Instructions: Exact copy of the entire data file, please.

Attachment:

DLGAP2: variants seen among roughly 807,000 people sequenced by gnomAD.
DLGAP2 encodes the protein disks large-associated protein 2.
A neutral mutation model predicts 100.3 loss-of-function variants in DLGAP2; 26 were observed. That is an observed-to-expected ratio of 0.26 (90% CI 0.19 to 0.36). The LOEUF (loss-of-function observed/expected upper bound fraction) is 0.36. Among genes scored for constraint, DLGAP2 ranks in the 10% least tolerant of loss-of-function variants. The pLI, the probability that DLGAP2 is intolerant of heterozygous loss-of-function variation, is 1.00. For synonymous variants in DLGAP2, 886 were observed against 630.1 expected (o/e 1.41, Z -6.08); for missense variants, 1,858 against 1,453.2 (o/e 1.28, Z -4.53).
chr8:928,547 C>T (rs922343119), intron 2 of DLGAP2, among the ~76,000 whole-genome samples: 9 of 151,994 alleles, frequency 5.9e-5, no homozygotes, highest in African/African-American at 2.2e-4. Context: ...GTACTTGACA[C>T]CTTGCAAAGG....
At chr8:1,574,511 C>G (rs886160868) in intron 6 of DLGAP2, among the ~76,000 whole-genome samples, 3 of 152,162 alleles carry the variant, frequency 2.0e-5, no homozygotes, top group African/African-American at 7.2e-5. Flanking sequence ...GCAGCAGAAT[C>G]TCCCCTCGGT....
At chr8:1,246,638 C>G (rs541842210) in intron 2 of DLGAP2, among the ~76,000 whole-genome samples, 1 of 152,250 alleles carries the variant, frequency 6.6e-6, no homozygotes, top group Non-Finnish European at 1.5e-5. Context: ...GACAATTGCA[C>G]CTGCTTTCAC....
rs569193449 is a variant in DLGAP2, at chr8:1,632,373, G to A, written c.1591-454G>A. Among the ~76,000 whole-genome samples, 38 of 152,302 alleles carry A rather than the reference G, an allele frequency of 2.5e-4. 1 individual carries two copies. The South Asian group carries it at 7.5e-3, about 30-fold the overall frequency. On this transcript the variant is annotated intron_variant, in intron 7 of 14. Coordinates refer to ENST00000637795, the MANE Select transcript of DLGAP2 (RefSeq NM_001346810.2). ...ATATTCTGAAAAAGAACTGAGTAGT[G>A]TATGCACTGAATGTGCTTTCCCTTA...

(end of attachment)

DLGAP2: variants seen among roughly 807,000 people sequenced by gnomAD.
DLGAP2 encodes the protein disks large-associated protein 2.
A neutral mutation model predicts 100.3 loss-of-function variants in DLGAP2; 26 were observed. That is an observed-to-expected ratio of 0.26 (90% CI 0.19 to 0.36). The LOEUF (loss-of-function observed/expected upper bound fraction) is 0.36. Among genes scored for constraint, DLGAP2 ranks in the 10% least tolerant of loss-of-function variants. The pLI, the probability that DLGAP2 is intolerant of heterozygous loss-of-function variation, is 1.00. For synonymous variants in DLGAP2, 886 were observed against 630.1 expected (o/e 1.41, Z -6.08); for missense variants, 1,858 against 1,453.2 (o/e 1.28, Z -4.53).
chr8:928,547 C>T (rs922343119), intron 2 of DLGAP2, among the ~76,000 whole-genome samples: 9 of 151,994 alleles, frequency 5.9e-5, no homozygotes, highest in African/African-American at 2.2e-4. Context: ...GTACTTGACA[C>T]CTTGCAAAGG....
At chr8:1,574,511 C>G (rs886160868) in intron 6 of DLGAP2, among the ~76,000 whole-genome samples, 3 of 152,162 alleles carry the variant, frequency 2.0e-5, no homozygotes, top group African/African-American at 7.2e-5. Flanking sequence ...GCAGCAGAAT[C>G]TCCCCTCGGT....
At chr8:1,246,638 C>G (rs541842210) in intron 2 of DLGAP2, among the ~76,000 whole-genome samples, 1 of 152,250 alleles carries the variant, frequency 6.6e-6, no homozygotes, top group Non-Finnish European at 1.5e-5. Context: ...GACAATTGCA[C>G]CTGCTTTCAC....
rs569193449 is a variant in DLGAP2, at chr8:1,632,373, G to A, written c.1591-454G>A. Among the ~76,000 whole-genome samples, 38 of 152,302 alleles carry A rather than the reference G, an allele frequency of 2.5e-4. 1 individual carries two copies. The South Asian group carries it at 7.5e-3, about 30-fold the overall frequency. On this transcript the variant is annotated intron_variant, in intron 7 of 14. Coordinates refer to ENST00000637795, the MANE Select transcript of DLGAP2 (RefSeq NM_001346810.2). ...ATATTCTGAAAAAGAACTGAGTAGT[G>A]TATGCACTGAATGTGCTTTCCCTTA...